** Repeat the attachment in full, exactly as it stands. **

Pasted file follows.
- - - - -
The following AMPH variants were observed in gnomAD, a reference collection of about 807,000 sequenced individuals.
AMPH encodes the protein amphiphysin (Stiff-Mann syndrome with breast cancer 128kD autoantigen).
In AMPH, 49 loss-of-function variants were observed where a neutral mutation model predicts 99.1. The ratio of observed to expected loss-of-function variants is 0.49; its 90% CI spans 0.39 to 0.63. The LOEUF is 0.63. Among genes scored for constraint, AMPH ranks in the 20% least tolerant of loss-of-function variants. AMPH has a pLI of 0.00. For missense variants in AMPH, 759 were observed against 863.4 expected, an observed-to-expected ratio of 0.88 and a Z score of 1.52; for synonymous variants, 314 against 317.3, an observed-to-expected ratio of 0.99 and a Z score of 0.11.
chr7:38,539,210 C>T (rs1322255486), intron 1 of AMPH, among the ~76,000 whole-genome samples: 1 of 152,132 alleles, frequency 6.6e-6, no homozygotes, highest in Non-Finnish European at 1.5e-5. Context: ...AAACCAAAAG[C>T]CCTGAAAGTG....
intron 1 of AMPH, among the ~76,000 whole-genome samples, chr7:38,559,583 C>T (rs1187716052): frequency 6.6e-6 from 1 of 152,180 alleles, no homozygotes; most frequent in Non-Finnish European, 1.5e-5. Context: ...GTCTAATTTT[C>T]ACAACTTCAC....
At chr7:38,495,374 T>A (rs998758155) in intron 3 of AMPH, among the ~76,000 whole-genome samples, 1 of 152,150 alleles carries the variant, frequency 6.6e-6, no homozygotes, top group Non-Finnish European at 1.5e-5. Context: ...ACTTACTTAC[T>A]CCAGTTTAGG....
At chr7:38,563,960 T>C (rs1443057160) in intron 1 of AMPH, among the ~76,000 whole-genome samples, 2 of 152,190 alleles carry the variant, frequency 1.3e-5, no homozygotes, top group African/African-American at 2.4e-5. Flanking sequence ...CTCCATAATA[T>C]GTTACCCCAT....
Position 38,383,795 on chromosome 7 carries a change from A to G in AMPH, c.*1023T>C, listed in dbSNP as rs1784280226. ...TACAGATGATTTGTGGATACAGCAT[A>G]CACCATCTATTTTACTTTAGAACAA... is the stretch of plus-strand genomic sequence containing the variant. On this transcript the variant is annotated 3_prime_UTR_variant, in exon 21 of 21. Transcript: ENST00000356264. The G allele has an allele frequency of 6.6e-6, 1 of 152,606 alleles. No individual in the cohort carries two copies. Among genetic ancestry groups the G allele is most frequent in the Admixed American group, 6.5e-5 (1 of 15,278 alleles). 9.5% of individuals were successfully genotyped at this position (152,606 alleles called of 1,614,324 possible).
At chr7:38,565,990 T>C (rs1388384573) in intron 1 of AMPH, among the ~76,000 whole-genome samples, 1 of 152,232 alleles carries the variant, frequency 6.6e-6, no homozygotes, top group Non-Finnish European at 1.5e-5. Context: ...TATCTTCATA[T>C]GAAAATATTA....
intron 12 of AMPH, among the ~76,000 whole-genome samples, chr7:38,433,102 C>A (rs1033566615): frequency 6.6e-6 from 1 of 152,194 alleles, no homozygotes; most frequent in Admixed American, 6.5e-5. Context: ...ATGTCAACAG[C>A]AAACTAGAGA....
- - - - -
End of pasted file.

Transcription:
The following AMPH variants were observed in gnomAD, a reference collection of about 807,000 sequenced individuals.
AMPH encodes the protein amphiphysin (Stiff-Mann syndrome with breast cancer 128kD autoantigen).
In AMPH, 49 loss-of-function variants were observed where a neutral mutation model predicts 99.1. The ratio of observed to expected loss-of-function variants is 0.49; its 90% CI spans 0.39 to 0.63. The LOEUF is 0.63. Among genes scored for constraint, AMPH ranks in the 20% least tolerant of loss-of-function variants. AMPH has a pLI of 0.00. For missense variants in AMPH, 759 were observed against 863.4 expected, an observed-to-expected ratio of 0.88 and a Z score of 1.52; for synonymous variants, 314 against 317.3, an observed-to-expected ratio of 0.99 and a Z score of 0.11.
chr7:38,539,210 C>T (rs1322255486), intron 1 of AMPH, among the ~76,000 whole-genome samples: 1 of 152,132 alleles, frequency 6.6e-6, no homozygotes, highest in Non-Finnish European at 1.5e-5. Context: ...AAACCAAAAG[C>T]CCTGAAAGTG....
intron 1 of AMPH, among the ~76,000 whole-genome samples, chr7:38,559,583 C>T (rs1187716052): frequency 6.6e-6 from 1 of 152,180 alleles, no homozygotes; most frequent in Non-Finnish European, 1.5e-5. Context: ...GTCTAATTTT[C>T]ACAACTTCAC....
At chr7:38,495,374 T>A (rs998758155) in intron 3 of AMPH, among the ~76,000 whole-genome samples, 1 of 152,150 alleles carries the variant, frequency 6.6e-6, no homozygotes, top group Non-Finnish European at 1.5e-5. Context: ...ACTTACTTAC[T>A]CCAGTTTAGG....
At chr7:38,563,960 T>C (rs1443057160) in intron 1 of AMPH, among the ~76,000 whole-genome samples, 2 of 152,190 alleles carry the variant, frequency 1.3e-5, no homozygotes, top group African/African-American at 2.4e-5. Flanking sequence ...CTCCATAATA[T>C]GTTACCCCAT....
Position 38,383,795 on chromosome 7 carries a change from A to G in AMPH, c.*1023T>C, listed in dbSNP as rs1784280226. ...TACAGATGATTTGTGGATACAGCAT[A>G]CACCATCTATTTTACTTTAGAACAA... is the stretch of plus-strand genomic sequence containing the variant. On this transcript the variant is annotated 3_prime_UTR_variant, in exon 21 of 21. Transcript: ENST00000356264. The G allele has an allele frequency of 6.6e-6, 1 of 152,606 alleles. No individual in the cohort carries two copies. Among genetic ancestry groups the G allele is most frequent in the Admixed American group, 6.5e-5 (1 of 15,278 alleles). 9.5% of individuals were successfully genotyped at this position (152,606 alleles called of 1,614,324 possible).
At chr7:38,565,990 T>C (rs1388384573) in intron 1 of AMPH, among the ~76,000 whole-genome samples, 1 of 152,232 alleles carries the variant, frequency 6.6e-6, no homozygotes, top group Non-Finnish European at 1.5e-5. Context: ...TATCTTCATA[T>C]GAAAATATTA....
intron 12 of AMPH, among the ~76,000 whole-genome samples, chr7:38,433,102 C>A (rs1033566615): frequency 6.6e-6 from 1 of 152,194 alleles, no homozygotes; most frequent in Admixed American, 6.5e-5. Context: ...ATGTCAACAG[C>A]AAACTAGAGA....